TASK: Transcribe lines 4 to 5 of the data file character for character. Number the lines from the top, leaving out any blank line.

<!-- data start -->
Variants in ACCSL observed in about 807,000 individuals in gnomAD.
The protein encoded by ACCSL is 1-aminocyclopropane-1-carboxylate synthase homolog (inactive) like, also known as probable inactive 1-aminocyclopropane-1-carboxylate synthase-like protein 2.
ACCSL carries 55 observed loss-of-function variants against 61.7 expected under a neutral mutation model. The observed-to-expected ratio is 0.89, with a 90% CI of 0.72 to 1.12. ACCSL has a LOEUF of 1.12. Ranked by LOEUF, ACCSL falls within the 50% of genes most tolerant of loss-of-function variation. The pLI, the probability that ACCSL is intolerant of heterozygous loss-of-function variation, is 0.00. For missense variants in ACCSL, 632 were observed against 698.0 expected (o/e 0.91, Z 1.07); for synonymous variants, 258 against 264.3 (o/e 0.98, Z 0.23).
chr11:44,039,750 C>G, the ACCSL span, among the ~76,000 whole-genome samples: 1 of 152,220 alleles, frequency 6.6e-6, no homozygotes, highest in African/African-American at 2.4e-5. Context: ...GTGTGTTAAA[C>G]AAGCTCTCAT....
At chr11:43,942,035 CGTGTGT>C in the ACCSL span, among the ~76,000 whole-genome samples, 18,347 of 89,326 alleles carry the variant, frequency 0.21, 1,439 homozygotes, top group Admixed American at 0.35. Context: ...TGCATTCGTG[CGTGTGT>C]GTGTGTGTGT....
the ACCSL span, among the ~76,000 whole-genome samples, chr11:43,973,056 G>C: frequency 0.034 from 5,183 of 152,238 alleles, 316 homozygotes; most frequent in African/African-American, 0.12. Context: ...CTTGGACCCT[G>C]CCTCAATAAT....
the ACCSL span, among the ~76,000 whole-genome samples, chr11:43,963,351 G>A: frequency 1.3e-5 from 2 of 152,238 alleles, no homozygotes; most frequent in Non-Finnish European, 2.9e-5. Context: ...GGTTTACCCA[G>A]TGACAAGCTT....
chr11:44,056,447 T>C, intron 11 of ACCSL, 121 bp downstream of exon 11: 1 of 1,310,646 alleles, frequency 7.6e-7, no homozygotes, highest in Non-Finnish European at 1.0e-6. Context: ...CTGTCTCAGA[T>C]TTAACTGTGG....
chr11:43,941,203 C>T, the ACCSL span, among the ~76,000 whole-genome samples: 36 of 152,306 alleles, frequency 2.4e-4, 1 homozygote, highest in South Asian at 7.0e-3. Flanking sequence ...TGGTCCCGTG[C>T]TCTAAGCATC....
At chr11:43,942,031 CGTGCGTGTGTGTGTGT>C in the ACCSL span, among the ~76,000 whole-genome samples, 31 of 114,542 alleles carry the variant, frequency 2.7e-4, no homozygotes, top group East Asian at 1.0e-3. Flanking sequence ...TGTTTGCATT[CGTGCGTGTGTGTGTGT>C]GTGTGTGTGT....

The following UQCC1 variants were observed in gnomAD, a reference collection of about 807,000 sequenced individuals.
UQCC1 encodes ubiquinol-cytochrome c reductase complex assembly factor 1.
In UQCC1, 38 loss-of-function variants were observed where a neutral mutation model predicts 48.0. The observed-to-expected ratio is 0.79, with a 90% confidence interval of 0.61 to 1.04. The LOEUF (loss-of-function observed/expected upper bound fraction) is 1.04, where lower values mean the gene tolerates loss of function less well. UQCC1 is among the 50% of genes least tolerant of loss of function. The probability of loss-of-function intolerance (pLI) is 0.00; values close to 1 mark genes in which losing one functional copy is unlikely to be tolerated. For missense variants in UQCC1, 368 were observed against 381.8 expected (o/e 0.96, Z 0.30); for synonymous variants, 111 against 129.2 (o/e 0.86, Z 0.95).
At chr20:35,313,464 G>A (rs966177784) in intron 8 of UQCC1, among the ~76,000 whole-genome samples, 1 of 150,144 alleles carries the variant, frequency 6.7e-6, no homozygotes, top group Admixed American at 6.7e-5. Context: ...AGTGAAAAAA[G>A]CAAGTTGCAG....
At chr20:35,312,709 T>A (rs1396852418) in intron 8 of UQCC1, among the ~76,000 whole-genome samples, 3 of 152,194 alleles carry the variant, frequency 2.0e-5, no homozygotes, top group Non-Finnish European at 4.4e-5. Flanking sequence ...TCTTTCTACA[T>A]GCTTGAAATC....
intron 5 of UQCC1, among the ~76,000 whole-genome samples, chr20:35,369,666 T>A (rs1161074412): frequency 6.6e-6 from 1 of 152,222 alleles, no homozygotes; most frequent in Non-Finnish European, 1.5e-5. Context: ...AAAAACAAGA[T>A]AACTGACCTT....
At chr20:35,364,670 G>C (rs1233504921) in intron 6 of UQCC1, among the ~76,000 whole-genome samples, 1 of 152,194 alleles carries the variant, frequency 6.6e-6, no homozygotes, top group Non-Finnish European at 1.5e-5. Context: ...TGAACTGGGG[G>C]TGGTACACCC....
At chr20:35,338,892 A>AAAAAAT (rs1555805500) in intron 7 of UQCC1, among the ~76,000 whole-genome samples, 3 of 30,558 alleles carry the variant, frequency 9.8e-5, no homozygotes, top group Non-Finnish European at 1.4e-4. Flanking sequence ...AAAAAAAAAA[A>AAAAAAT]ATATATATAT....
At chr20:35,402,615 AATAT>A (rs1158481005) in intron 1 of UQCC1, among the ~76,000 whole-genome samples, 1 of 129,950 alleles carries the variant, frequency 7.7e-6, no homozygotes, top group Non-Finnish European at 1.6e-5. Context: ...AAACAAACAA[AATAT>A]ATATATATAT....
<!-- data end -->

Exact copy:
chr11:44,039,750 C>G, the ACCSL span, among the ~76,000 whole-genome samples: 1 of 152,220 alleles, frequency 6.6e-6, no homozygotes, highest in African/African-American at 2.4e-5. Context: ...GTGTGTTAAA[C>G]AAGCTCTCAT....
At chr11:43,942,035 CGTGTGT>C in the ACCSL span, among the ~76,000 whole-genome samples, 18,347 of 89,326 alleles carry the variant, frequency 0.21, 1,439 homozygotes, top group Admixed American at 0.35. Context: ...TGCATTCGTG[CGTGTGT>C]GTGTGTGTGT....